2022 November 29

Researchers find epigenetic alterations in the immune system behind severe Covid-19

Monocytes from severe covid-19 patients show an altered epigenetic status, according to results by the Epigenetic and Immune Disease group of the Josep Carreras Leukaemia Research Institute. The alterations found in these cells, key in promoting inflammation, can explain features of the aberrant immune response against Sars-Cov-2 infection, such as impaired communication with other immune cells and maturation defects. This comprehensive analysis of monocyte’s epigenetics under severe covid-19, the first of its kind, stresses the importance of these cells in modulating the immune response.

The immune response is a coordinated action of many immune cells to protect our body from infections and one of the first cells to sense a threat are monocytes, the largest white blood cell found in the blood stream. Monocytes are a sort of “multi-purpose” cells, dealing with viruses, bacteria and cellular debris.

Upon encountering a pathogen, monocytes trigger a highly complex network of interactions with other immune cells to promote local inflammation and recruit the lymphocytes, the heavy weaponry of the immune system. Failure to do so in a proper way, may lead to hyperinflammation and sepsis, a grave condition that can result in multiorgan failure.

To start a proper immune response, the monocyte must reprogram itself and start producing a new set of molecules called cytokines, the long-range communication system of immunity. Such reprogramming is driven by epigenetic changes in the monocytes DNA, allowing for the activation of genes that were dormant and the silencing of others that were active.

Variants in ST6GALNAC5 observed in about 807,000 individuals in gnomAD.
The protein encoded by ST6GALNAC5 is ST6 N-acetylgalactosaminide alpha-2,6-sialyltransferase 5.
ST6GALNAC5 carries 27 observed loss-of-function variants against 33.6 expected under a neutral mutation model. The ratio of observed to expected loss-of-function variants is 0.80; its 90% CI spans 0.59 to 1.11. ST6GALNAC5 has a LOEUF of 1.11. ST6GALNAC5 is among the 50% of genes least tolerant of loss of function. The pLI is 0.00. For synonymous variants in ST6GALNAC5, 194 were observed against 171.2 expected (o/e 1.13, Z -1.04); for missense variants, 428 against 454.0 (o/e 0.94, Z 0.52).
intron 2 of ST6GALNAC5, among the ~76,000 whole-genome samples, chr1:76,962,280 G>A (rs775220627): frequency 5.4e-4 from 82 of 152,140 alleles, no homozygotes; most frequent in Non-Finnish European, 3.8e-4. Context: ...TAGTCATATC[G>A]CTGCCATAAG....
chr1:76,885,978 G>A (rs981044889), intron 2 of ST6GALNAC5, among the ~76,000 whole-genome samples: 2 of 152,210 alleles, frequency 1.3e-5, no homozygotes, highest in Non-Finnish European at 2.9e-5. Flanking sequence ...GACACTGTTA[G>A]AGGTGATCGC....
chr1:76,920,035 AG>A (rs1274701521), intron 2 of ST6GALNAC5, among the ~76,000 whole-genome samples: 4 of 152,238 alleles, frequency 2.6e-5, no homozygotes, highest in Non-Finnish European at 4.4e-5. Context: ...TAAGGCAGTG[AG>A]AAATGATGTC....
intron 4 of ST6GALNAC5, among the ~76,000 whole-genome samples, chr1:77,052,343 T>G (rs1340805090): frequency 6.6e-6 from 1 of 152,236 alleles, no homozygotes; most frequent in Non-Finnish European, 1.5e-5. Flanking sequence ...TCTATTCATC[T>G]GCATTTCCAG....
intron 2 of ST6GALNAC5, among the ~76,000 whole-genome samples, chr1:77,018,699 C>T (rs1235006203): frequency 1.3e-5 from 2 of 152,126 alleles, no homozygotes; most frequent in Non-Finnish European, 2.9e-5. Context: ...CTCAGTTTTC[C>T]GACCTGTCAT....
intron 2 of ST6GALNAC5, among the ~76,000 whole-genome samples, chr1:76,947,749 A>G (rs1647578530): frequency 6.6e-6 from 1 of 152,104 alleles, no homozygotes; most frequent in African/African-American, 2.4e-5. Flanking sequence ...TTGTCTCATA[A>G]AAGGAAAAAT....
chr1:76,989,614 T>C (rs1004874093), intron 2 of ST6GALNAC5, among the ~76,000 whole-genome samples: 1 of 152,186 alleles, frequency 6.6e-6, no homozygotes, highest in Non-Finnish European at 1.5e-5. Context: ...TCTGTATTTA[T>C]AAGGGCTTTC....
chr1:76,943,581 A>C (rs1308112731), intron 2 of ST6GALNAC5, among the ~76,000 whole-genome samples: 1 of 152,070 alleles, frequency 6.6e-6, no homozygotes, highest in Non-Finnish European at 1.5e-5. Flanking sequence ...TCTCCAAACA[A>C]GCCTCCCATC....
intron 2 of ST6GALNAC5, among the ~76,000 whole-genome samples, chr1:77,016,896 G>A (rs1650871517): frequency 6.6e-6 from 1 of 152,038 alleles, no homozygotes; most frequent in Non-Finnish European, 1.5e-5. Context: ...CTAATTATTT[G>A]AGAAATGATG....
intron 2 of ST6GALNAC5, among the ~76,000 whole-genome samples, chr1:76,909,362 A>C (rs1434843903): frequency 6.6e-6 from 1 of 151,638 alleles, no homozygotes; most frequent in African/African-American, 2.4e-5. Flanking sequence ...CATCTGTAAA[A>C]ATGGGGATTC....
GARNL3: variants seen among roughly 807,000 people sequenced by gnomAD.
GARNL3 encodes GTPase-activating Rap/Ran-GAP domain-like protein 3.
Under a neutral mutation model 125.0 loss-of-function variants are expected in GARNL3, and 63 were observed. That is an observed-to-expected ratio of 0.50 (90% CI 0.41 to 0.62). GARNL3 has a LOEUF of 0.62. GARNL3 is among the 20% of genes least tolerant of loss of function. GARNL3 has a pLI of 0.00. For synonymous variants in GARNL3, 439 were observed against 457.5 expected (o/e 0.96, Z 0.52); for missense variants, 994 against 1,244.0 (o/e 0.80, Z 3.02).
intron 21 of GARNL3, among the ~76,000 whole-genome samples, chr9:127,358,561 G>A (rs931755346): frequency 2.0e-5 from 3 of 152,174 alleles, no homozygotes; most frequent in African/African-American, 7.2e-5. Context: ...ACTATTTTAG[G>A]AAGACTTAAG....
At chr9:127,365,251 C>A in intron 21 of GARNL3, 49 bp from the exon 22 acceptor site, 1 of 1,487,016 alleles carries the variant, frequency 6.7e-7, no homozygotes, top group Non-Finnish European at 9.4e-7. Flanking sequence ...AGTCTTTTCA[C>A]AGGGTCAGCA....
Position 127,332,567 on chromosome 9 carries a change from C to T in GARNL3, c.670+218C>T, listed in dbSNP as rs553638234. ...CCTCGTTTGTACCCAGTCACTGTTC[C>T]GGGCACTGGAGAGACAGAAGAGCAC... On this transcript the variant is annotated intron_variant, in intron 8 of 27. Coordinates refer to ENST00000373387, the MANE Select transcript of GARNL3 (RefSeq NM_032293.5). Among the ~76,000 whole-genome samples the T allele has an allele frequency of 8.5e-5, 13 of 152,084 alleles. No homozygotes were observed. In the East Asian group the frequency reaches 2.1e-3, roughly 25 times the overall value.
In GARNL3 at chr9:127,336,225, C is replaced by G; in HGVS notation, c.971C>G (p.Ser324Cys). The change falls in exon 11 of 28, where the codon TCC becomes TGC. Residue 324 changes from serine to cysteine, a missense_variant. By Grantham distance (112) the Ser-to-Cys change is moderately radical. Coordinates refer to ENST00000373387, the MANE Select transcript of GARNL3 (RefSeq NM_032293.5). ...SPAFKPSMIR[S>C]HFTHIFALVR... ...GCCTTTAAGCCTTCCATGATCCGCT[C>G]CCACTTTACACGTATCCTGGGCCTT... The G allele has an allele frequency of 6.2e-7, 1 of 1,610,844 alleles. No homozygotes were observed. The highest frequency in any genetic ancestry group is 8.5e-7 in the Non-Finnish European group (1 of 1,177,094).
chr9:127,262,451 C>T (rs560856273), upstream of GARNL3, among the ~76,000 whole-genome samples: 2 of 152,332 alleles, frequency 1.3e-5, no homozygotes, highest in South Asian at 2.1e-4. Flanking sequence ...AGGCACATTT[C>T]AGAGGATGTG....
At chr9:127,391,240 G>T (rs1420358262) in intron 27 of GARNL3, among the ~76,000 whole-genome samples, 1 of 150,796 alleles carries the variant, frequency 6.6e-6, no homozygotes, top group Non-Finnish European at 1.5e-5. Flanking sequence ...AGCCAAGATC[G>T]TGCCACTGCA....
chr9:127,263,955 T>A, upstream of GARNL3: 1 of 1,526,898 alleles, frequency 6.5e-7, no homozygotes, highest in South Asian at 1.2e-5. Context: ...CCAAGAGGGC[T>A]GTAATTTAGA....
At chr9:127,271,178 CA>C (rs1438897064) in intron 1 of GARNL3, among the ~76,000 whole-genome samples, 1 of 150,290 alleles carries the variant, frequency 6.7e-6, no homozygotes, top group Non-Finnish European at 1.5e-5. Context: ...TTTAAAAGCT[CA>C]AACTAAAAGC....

Now, for the first time, researchers from the Epigenetics and immune disease group led by Dr. Esteban Ballestar at the Josep Carreras Leukaemia Research Institute, have described the plethora of epigenetic changes happening in monocytes during the inflammation process in severe Covid-19 patients. Their results show significant differences between healthy donors versus severe Covid-19. The original publication has been recently published at the high impact journal Genome Medicine and is authored by Gerard Godoy-Tena, with the collaboration of researchers from the Wellcome Genome Campus (UK), the University of Cambridge (UK) and the Intensive Care Unit and Immunology Departments of Vall d’Hebron Hospital (Spain). The study received support from the Chan Zuckerberg Initiative and the Unstoppable campaign of the Josep Carreras Leukaemia Foundation.

According to researchers, in severe Covid-19 monocytes an aberrant epigenetic profile is found, leading to the production of immature cells with an altered crosstalk with other components of the immune system, like NK cells and regulatory T lymphocytes. Also, many genes linked to proinflammatory cytokines and virus-induced sepsis have been found to be active, paving the path to organ dysfunction.

Overall, the analysis from Godoy-Tena and Dr. Ballestar offers new clues to understand what goes wrong in severe Covid-19 patients, so wrong as to put their lives at risk. Hopefully, the new set of data will be the onset of new therapeutic approaches to deal with Sars-CoV-2 infections in the future.

 

Reference article:

Godoy-Tena, G., Barmada, A., Morante-Palacios, O. et al. Epigenetic and transcriptomic reprogramming in monocytes of severe COVID-19 patients reflects alterations in myeloid differentiation and the influence of inflammatory cytokines. Genome Med 14, 134 (2022). https://doi.org/10.1186/s13073-022-01137-4